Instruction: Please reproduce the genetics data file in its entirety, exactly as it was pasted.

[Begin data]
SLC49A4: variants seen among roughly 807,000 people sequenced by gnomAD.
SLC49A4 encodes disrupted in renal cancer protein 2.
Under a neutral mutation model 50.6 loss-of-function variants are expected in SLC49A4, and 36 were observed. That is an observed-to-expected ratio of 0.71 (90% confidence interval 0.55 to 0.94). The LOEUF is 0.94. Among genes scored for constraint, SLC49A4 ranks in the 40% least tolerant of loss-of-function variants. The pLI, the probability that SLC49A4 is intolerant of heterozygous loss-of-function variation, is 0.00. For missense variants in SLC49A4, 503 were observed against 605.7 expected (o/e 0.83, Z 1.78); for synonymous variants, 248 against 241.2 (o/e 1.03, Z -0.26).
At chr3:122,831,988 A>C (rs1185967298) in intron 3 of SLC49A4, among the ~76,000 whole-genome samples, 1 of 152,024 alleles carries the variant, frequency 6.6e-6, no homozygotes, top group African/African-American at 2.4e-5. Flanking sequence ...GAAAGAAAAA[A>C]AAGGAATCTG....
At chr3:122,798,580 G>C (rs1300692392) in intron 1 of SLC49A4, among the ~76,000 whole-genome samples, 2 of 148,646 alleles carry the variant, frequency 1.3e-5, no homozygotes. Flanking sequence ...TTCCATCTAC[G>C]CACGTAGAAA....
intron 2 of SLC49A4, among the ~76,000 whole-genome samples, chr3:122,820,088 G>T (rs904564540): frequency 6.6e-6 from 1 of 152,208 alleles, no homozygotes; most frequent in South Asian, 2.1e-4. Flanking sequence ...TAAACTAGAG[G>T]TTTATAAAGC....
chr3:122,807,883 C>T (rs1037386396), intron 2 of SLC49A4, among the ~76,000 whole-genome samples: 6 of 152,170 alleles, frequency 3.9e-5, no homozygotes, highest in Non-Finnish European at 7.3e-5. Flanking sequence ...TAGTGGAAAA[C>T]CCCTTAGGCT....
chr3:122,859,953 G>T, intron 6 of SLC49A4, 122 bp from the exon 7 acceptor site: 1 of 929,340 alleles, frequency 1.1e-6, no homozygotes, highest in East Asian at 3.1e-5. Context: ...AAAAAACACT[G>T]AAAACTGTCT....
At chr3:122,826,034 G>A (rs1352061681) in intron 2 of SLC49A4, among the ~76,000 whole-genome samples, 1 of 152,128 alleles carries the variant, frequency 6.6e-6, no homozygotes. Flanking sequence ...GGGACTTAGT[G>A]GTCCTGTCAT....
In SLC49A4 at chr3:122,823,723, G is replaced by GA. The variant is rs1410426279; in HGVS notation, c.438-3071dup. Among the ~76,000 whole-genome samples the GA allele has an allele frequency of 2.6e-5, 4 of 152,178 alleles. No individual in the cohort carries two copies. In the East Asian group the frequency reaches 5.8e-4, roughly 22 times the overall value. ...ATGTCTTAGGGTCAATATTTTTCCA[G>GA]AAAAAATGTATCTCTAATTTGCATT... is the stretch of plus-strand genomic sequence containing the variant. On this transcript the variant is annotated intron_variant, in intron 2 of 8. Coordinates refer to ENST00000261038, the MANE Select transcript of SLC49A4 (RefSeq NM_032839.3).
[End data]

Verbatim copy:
SLC49A4: variants seen among roughly 807,000 people sequenced by gnomAD.
SLC49A4 encodes disrupted in renal cancer protein 2.
Under a neutral mutation model 50.6 loss-of-function variants are expected in SLC49A4, and 36 were observed. That is an observed-to-expected ratio of 0.71 (90% confidence interval 0.55 to 0.94). The LOEUF is 0.94. Among genes scored for constraint, SLC49A4 ranks in the 40% least tolerant of loss-of-function variants. The pLI, the probability that SLC49A4 is intolerant of heterozygous loss-of-function variation, is 0.00. For missense variants in SLC49A4, 503 were observed against 605.7 expected (o/e 0.83, Z 1.78); for synonymous variants, 248 against 241.2 (o/e 1.03, Z -0.26).
At chr3:122,831,988 A>C (rs1185967298) in intron 3 of SLC49A4, among the ~76,000 whole-genome samples, 1 of 152,024 alleles carries the variant, frequency 6.6e-6, no homozygotes, top group African/African-American at 2.4e-5. Flanking sequence ...GAAAGAAAAA[A>C]AAGGAATCTG....
At chr3:122,798,580 G>C (rs1300692392) in intron 1 of SLC49A4, among the ~76,000 whole-genome samples, 2 of 148,646 alleles carry the variant, frequency 1.3e-5, no homozygotes. Flanking sequence ...TTCCATCTAC[G>C]CACGTAGAAA....
intron 2 of SLC49A4, among the ~76,000 whole-genome samples, chr3:122,820,088 G>T (rs904564540): frequency 6.6e-6 from 1 of 152,208 alleles, no homozygotes; most frequent in South Asian, 2.1e-4. Flanking sequence ...TAAACTAGAG[G>T]TTTATAAAGC....
chr3:122,807,883 C>T (rs1037386396), intron 2 of SLC49A4, among the ~76,000 whole-genome samples: 6 of 152,170 alleles, frequency 3.9e-5, no homozygotes, highest in Non-Finnish European at 7.3e-5. Flanking sequence ...TAGTGGAAAA[C>T]CCCTTAGGCT....
chr3:122,859,953 G>T, intron 6 of SLC49A4, 122 bp from the exon 7 acceptor site: 1 of 929,340 alleles, frequency 1.1e-6, no homozygotes, highest in East Asian at 3.1e-5. Context: ...AAAAAACACT[G>T]AAAACTGTCT....
At chr3:122,826,034 G>A (rs1352061681) in intron 2 of SLC49A4, among the ~76,000 whole-genome samples, 1 of 152,128 alleles carries the variant, frequency 6.6e-6, no homozygotes. Flanking sequence ...GGGACTTAGT[G>A]GTCCTGTCAT....
In SLC49A4 at chr3:122,823,723, G is replaced by GA. The variant is rs1410426279; in HGVS notation, c.438-3071dup. Among the ~76,000 whole-genome samples the GA allele has an allele frequency of 2.6e-5, 4 of 152,178 alleles. No individual in the cohort carries two copies. In the East Asian group the frequency reaches 5.8e-4, roughly 22 times the overall value. ...ATGTCTTAGGGTCAATATTTTTCCA[G>GA]AAAAAATGTATCTCTAATTTGCATT... is the stretch of plus-strand genomic sequence containing the variant. On this transcript the variant is annotated intron_variant, in intron 2 of 8. Coordinates refer to ENST00000261038, the MANE Select transcript of SLC49A4 (RefSeq NM_032839.3).